At Somerville High School, staff will also seek to refine a new tiered system of support they began implementing last year that emphasizes the need for strong teacher-student relationships and allows the counseling department and other support staff to focus their attention where it can be most valuable. In this approach, when teachers have concerns about a student’s attendance or engagement in classes, for instance, they are responsible for reaching out directly to the student and family to try to identify the underlying causes and any needed supports or next steps. If this outreach proves unsuccessful, teachers can refer the student to their academic department head, and then to a team that includes a school counselor, assistant principal, and dean of students. (Of course, this system is not used for students experiencing a more significant and time-sensitive need, or those in a crisis situation).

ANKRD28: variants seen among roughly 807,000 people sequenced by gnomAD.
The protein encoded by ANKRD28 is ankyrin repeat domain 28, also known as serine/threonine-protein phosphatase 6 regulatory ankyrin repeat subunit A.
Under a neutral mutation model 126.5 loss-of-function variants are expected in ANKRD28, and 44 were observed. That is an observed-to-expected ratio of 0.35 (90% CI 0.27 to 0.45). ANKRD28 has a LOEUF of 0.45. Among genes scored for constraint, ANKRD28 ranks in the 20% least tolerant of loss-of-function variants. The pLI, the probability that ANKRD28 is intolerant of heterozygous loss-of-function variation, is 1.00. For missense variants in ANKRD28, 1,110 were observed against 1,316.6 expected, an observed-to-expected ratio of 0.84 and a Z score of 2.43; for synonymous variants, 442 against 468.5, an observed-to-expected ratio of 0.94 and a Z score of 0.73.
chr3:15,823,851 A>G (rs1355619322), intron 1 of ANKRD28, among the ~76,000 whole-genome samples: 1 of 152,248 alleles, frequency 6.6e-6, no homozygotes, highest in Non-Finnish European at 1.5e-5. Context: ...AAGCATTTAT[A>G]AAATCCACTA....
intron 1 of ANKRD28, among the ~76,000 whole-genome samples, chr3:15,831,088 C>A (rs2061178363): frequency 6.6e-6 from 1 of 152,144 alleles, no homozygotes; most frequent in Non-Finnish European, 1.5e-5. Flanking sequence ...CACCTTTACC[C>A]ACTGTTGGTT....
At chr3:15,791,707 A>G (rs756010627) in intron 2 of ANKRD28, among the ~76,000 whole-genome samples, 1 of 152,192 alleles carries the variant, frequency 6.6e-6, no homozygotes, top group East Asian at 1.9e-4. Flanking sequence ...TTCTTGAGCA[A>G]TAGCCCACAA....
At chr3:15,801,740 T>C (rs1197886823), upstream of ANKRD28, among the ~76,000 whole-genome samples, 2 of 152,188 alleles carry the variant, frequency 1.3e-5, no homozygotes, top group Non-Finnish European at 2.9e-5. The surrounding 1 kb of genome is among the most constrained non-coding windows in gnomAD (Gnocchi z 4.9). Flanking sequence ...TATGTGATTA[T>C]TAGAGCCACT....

Formalizing these expectations for staff did not proceed seamlessly; for instance, some teachers expressed confusion about when to bring in outside supports. However, this shift in the support system allows counselors and others doing specialized mental health work to really focus on the students most in need of wraparound services, while helping promote relationship-building between teachers, students, and families. Looking ahead to next year, staff plan to examine the elements of the tiered system in need of clarification or adjustment, and to offer more training on how teachers can engage with families (including multilingual families) in order to encourage more consistent classroom-level outreach. On the positive side, as one staff member put it, at the high school level, “I think most teachers now understand that you’re teaching to a whole student, not just teaching a subject.”